#5

Not sure my post warranted the level of jerkish response from Nicolai here but I guess that's how these things go. Was really just trying to see if there were any materials that were for people who know other instruments (you can find many guides to coding languages that are designed for people who know others for example). If the answer is no that doesn't exist or you're not familiar with any, that's a fine answer. If my post was taken to mean I think I'm better than everyone, I think that's just a misread. I plan on doing my best to pick up the fundamentals and don't mean to imply I'm skipping them entirely. I also don't really care that much if my "technique" is not up to the par of people on this forum, I guess, I really don't plan on becoming that advanced at it, just hoping to get a little further than I've gotten. In general, I'd suggest going outside every now and then and see if that helps lowering your anger levels when you're on an online message board.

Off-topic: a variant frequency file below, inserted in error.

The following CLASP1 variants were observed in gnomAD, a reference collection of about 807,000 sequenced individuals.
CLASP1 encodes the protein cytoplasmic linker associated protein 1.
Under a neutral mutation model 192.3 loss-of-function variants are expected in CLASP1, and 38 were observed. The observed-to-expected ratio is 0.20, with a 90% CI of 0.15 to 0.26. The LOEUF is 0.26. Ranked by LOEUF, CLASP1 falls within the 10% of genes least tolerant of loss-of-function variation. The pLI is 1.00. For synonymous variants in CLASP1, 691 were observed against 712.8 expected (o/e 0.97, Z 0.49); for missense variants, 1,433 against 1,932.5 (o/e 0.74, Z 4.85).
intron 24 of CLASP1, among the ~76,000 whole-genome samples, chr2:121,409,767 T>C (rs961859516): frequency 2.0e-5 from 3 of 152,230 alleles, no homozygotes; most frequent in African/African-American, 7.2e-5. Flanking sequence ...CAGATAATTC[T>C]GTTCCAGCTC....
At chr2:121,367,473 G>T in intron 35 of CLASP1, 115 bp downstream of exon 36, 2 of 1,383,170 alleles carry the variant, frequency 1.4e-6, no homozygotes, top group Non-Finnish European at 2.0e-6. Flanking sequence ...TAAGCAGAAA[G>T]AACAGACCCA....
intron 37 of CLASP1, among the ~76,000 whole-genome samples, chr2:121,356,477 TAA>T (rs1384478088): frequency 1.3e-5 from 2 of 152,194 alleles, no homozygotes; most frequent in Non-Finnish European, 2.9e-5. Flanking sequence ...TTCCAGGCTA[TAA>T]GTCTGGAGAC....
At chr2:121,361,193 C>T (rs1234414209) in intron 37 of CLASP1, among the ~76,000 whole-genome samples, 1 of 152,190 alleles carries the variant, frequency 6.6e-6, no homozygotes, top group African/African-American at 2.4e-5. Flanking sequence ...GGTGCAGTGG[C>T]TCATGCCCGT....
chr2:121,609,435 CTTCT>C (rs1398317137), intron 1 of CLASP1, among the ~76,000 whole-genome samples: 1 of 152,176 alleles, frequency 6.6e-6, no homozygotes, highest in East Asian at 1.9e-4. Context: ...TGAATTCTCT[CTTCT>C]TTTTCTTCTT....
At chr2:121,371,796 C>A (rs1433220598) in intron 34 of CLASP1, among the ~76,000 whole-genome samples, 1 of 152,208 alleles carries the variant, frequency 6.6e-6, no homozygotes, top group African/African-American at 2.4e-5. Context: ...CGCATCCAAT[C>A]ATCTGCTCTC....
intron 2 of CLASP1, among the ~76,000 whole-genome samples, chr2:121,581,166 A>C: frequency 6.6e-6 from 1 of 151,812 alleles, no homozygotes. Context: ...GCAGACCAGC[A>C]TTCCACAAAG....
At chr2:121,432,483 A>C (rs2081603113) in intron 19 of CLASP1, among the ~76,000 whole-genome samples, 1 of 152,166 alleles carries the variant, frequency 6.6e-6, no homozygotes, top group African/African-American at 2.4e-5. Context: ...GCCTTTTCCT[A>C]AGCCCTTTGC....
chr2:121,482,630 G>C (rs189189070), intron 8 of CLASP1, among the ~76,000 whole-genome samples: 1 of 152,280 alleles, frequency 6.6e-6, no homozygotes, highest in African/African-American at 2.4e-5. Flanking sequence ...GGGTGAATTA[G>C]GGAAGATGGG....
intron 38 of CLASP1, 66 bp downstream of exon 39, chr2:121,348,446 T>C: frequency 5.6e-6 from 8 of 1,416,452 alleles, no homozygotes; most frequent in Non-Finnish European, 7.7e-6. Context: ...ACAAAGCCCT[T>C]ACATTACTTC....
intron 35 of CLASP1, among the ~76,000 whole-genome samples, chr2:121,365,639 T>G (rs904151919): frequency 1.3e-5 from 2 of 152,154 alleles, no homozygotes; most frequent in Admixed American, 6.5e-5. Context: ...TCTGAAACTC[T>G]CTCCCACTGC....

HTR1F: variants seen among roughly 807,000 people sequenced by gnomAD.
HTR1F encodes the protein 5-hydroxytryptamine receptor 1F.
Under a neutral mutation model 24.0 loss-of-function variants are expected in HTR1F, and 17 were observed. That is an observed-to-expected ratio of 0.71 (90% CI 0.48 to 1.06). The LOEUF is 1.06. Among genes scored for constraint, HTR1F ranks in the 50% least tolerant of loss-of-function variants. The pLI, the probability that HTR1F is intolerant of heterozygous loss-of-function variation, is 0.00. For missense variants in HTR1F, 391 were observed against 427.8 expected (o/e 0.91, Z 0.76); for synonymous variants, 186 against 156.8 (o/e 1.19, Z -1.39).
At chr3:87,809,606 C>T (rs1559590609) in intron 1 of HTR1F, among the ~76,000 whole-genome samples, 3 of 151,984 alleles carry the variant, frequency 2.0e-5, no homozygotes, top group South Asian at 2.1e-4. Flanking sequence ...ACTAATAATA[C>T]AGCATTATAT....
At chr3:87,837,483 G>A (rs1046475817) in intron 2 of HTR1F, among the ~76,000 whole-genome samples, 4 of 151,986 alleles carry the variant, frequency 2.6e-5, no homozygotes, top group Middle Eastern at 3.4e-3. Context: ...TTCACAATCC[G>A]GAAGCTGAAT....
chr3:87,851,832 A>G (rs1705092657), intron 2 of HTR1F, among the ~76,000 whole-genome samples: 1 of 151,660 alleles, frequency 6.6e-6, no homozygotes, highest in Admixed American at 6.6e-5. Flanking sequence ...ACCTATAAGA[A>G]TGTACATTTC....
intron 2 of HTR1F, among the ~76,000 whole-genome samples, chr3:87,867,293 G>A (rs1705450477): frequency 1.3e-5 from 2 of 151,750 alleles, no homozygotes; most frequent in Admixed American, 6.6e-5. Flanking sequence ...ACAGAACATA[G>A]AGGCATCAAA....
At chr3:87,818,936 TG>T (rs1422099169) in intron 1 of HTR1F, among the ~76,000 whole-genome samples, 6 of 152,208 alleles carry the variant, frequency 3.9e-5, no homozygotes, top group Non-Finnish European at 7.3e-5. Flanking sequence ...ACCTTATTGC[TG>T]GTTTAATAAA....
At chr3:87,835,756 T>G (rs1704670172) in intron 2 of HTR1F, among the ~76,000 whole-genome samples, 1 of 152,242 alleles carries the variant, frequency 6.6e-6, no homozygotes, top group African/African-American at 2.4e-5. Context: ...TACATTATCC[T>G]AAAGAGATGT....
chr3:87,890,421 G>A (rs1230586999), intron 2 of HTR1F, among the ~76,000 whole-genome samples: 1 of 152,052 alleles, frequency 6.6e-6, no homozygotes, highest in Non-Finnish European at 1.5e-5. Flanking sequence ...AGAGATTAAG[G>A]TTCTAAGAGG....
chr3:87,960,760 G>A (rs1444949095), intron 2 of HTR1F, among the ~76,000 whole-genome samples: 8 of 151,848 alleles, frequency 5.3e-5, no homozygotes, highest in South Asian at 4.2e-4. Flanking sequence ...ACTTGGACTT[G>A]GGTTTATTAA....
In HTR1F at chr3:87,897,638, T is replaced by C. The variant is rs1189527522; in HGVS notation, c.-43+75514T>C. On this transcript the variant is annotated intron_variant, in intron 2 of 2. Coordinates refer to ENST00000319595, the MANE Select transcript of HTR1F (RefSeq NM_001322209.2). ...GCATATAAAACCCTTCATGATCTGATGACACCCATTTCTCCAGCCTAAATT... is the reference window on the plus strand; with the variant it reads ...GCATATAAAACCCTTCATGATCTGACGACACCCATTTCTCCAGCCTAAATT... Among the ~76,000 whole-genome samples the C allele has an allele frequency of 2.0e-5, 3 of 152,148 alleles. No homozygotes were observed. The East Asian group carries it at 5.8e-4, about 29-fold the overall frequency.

aliasmaximus

Hippie at Heart

Joined: 02/22/22

Posts: 249

Geez dude, chill. I didn't mean to upset you and I apologize that my response was a tad heavy-handed. My bad.

Look, I've been quitting guitar, and hanging out with other quitting guitarists, probably longer than you've been alive so I know how people talk just before they crack and quit.... again. But I assure you, my message not withstanding, that this place is different. It's even inspirational. It was here that I finally got "over the hump". Now, short of getting hit by a bus, I am absolutely certain that I'm never going to quit again.

So, just try and forget about me and imagine that your first contact was snojones' insightful, informative, empathetic message to you. That's much more representative of what this place is all about. You're going to be taught by full fledged professional guitarists, with whom you can communicate directly via this forum. How awesome is that!

Nicolai

"Whatever you are, be a good one" - Abraham Lincoln

#6

Geez dude, chill. I didn't mean to upset you and I apologize that my response was a tad heavy-handed. My bad.